The Chinese Communist Party's principal policymaking committee has implemented new measures to kick-start the country's struggling economy. The imposition of the measures comes as the nation's debt-laden property sector continues to hamper its growth prospects.

On Monday, China's politburo approved a plan proposed by the central bank to help support businesses and the nation's housing market. The plan proposed by the People's Bank of China includes further cuts to the reserves required by most banks.

The additional 0.5 percentage points cut is expected to release another $188 billion into the economy. Officials also approved measures aimed at promoting the construction of affordable commercial housing while also meeting the needs of homebuyers. The committee, chaired by Xi, said the measures should help promote "healthy development" within the real estate industry.

The approval of the new measures comes as the country's second-largest property developer, China Evergrande, continues to struggle to meet its financial obligations. An $82.5 million bond payment was due to be paid by the developer on Monday to avoid default. Reports indicated that the company has yet to issue any payments.

China Evergrande had faced three such offshore bond deadlines since October and had met each one at the last minute, but it was less obvious that it would meet its obligation this time around.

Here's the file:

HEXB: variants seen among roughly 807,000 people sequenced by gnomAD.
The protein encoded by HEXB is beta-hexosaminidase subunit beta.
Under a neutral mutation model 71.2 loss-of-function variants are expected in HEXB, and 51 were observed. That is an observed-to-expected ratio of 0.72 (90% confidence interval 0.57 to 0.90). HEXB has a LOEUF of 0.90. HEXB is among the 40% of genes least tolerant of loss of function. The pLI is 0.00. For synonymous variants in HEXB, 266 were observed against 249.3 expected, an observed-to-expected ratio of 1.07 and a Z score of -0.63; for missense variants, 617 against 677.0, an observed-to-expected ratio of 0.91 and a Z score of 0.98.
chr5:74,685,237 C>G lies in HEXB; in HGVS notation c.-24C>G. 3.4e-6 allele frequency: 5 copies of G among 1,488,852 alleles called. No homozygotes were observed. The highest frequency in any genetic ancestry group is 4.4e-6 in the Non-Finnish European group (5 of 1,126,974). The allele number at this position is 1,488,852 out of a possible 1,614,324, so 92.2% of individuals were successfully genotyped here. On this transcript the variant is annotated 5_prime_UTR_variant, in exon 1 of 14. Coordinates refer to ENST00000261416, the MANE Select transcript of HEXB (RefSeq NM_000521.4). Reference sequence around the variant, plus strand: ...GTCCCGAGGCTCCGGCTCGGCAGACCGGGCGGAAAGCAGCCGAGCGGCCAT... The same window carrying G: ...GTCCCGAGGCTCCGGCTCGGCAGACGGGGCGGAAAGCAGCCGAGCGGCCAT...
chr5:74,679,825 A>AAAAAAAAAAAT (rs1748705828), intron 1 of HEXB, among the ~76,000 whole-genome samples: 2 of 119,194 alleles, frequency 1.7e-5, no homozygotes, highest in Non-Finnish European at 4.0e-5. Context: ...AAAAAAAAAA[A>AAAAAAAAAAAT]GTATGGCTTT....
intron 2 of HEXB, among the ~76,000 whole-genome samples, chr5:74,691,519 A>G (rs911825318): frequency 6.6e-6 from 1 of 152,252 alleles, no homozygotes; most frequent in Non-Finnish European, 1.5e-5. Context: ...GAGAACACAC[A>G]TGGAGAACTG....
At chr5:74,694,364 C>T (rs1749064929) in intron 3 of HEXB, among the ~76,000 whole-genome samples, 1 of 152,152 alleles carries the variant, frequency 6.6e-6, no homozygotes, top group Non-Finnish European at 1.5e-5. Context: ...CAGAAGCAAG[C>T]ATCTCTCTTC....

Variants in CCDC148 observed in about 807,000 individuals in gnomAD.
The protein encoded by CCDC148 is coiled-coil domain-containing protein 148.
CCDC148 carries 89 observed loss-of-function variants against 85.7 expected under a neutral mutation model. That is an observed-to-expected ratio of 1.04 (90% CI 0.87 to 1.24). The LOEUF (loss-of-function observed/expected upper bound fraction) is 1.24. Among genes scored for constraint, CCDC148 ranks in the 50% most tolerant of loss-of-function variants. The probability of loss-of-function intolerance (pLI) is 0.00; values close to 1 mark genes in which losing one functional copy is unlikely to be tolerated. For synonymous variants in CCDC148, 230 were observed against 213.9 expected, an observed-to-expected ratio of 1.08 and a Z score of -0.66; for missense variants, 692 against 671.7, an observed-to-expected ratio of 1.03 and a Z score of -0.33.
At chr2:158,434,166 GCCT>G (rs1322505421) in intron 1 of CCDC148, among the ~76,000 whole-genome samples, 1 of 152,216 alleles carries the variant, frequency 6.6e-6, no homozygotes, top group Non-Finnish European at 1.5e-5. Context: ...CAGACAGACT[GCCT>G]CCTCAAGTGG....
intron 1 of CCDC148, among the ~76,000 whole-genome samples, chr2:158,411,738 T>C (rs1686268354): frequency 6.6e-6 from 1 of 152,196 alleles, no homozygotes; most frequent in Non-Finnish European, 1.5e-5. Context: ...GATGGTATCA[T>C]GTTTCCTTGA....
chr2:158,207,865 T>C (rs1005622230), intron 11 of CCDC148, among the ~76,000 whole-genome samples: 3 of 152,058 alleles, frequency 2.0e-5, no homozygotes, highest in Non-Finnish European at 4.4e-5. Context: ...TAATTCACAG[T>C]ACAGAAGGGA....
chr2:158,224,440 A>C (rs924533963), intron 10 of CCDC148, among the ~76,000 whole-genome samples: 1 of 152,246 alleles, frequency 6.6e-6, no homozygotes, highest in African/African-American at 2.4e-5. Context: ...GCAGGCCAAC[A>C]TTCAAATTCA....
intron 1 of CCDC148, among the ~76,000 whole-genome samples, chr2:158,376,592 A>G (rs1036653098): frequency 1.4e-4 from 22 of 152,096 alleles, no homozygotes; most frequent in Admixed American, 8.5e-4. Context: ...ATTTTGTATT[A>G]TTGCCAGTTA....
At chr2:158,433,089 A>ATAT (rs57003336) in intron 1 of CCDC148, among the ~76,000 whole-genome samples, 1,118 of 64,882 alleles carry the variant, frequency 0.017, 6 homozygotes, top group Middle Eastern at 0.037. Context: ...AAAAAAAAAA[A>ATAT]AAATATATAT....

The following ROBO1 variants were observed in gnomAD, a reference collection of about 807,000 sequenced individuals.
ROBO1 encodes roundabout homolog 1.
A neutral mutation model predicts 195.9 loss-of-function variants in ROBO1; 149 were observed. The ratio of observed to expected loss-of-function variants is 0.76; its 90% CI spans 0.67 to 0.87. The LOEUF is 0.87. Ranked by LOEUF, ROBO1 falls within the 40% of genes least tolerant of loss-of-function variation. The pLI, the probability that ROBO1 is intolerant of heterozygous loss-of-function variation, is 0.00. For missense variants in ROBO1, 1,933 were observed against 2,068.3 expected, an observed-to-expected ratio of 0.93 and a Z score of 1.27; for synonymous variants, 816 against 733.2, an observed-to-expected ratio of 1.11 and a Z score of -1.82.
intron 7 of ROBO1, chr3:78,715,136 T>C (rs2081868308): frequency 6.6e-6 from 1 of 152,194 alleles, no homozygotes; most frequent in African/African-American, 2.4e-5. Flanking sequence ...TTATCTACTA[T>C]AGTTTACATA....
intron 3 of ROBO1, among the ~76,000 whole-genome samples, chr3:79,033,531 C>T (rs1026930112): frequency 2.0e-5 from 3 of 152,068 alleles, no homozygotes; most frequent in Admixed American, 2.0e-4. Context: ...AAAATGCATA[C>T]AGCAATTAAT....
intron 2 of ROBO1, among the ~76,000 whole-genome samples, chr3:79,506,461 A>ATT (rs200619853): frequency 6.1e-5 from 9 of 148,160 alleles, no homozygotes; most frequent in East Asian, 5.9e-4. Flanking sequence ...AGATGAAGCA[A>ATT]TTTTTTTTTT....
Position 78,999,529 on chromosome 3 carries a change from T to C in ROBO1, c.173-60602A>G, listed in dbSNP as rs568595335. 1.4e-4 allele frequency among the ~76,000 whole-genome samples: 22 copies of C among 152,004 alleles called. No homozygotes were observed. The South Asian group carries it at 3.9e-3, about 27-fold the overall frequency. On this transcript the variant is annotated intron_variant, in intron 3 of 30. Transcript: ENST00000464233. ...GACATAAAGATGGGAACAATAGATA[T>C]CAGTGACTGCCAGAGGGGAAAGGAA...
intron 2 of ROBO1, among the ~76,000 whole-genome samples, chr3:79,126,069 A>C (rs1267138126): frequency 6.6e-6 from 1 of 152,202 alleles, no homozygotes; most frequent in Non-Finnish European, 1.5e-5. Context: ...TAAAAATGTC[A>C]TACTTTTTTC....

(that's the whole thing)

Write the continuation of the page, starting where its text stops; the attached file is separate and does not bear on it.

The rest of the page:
In light of its financial troubles, the developer said on Monday evening that it plans to establish a risk management committee to "mitigate and eliminate future risks." Following a 20% loss in the previous session, the company's stock stabilized on Tuesday as a result of the statement. It came after the business indicated over the weekend that it might not be able to repay part of its $300 billion in obligations.

A default would result in cross-defaults on all of Evergrande's about $19 billion in dollar bonds in international capital markets, putting the business at risk of becoming China's biggest-ever defaulter, unsettling global investor confidence further.

Apart from China Evergrande, investors are also concerned about the liquidity of other developers such as Kaisa Group Holdings Ltd, which is in danger of also defaulting on its debts. The company currently has a $400 million bond maturing on Tuesday. It owes the most to foreign bondholders, behind Evergrande, with $12 billion in debt.

Sunshine 100 China Holdings, another Chinese developer, announced on Sunday that it had missed a deadline to repay $179 million in principle and interest on a 10.5% bond.

China's economy is not developing as swiftly as projected because of challenges such as a slowed global economy, ongoing Covid outbreaks, and a weakening property sector - once a crucial source of development but now beset by defaults.